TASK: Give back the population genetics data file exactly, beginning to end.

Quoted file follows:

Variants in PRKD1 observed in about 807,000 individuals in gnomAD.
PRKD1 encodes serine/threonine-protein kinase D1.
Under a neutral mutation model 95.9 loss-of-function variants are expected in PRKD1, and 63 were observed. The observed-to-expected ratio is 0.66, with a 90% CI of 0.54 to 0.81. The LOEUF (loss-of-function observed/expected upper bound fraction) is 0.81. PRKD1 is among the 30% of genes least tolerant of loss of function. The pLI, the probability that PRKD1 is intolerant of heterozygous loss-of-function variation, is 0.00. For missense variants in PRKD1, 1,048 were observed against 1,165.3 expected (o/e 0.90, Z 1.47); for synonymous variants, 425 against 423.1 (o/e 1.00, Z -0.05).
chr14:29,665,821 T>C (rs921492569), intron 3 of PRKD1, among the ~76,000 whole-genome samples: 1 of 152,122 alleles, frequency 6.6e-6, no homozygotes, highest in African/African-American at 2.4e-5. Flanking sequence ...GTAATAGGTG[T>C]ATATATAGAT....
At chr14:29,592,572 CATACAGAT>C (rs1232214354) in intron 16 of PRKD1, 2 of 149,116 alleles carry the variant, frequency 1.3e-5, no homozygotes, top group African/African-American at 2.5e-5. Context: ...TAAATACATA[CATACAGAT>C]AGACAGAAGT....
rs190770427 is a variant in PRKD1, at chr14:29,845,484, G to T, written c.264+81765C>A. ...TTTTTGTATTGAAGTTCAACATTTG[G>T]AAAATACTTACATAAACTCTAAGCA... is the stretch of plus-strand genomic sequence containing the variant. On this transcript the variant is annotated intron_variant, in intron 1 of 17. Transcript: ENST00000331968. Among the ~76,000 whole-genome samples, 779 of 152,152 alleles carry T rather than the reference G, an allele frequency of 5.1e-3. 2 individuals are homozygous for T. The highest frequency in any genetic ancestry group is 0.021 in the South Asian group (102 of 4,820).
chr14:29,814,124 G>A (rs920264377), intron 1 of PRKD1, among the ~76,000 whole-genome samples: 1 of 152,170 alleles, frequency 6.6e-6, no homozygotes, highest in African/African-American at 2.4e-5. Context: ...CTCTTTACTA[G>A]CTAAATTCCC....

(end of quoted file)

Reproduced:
Variants in PRKD1 observed in about 807,000 individuals in gnomAD.
PRKD1 encodes serine/threonine-protein kinase D1.
Under a neutral mutation model 95.9 loss-of-function variants are expected in PRKD1, and 63 were observed. The observed-to-expected ratio is 0.66, with a 90% CI of 0.54 to 0.81. The LOEUF (loss-of-function observed/expected upper bound fraction) is 0.81. PRKD1 is among the 30% of genes least tolerant of loss of function. The pLI, the probability that PRKD1 is intolerant of heterozygous loss-of-function variation, is 0.00. For missense variants in PRKD1, 1,048 were observed against 1,165.3 expected (o/e 0.90, Z 1.47); for synonymous variants, 425 against 423.1 (o/e 1.00, Z -0.05).
chr14:29,665,821 T>C (rs921492569), intron 3 of PRKD1, among the ~76,000 whole-genome samples: 1 of 152,122 alleles, frequency 6.6e-6, no homozygotes, highest in African/African-American at 2.4e-5. Flanking sequence ...GTAATAGGTG[T>C]ATATATAGAT....
At chr14:29,592,572 CATACAGAT>C (rs1232214354) in intron 16 of PRKD1, 2 of 149,116 alleles carry the variant, frequency 1.3e-5, no homozygotes, top group African/African-American at 2.5e-5. Context: ...TAAATACATA[CATACAGAT>C]AGACAGAAGT....
rs190770427 is a variant in PRKD1, at chr14:29,845,484, G to T, written c.264+81765C>A. ...TTTTTGTATTGAAGTTCAACATTTG[G>T]AAAATACTTACATAAACTCTAAGCA... is the stretch of plus-strand genomic sequence containing the variant. On this transcript the variant is annotated intron_variant, in intron 1 of 17. Transcript: ENST00000331968. Among the ~76,000 whole-genome samples, 779 of 152,152 alleles carry T rather than the reference G, an allele frequency of 5.1e-3. 2 individuals are homozygous for T. The highest frequency in any genetic ancestry group is 0.021 in the South Asian group (102 of 4,820).
chr14:29,814,124 G>A (rs920264377), intron 1 of PRKD1, among the ~76,000 whole-genome samples: 1 of 152,170 alleles, frequency 6.6e-6, no homozygotes, highest in African/African-American at 2.4e-5. Context: ...CTCTTTACTA[G>A]CTAAATTCCC....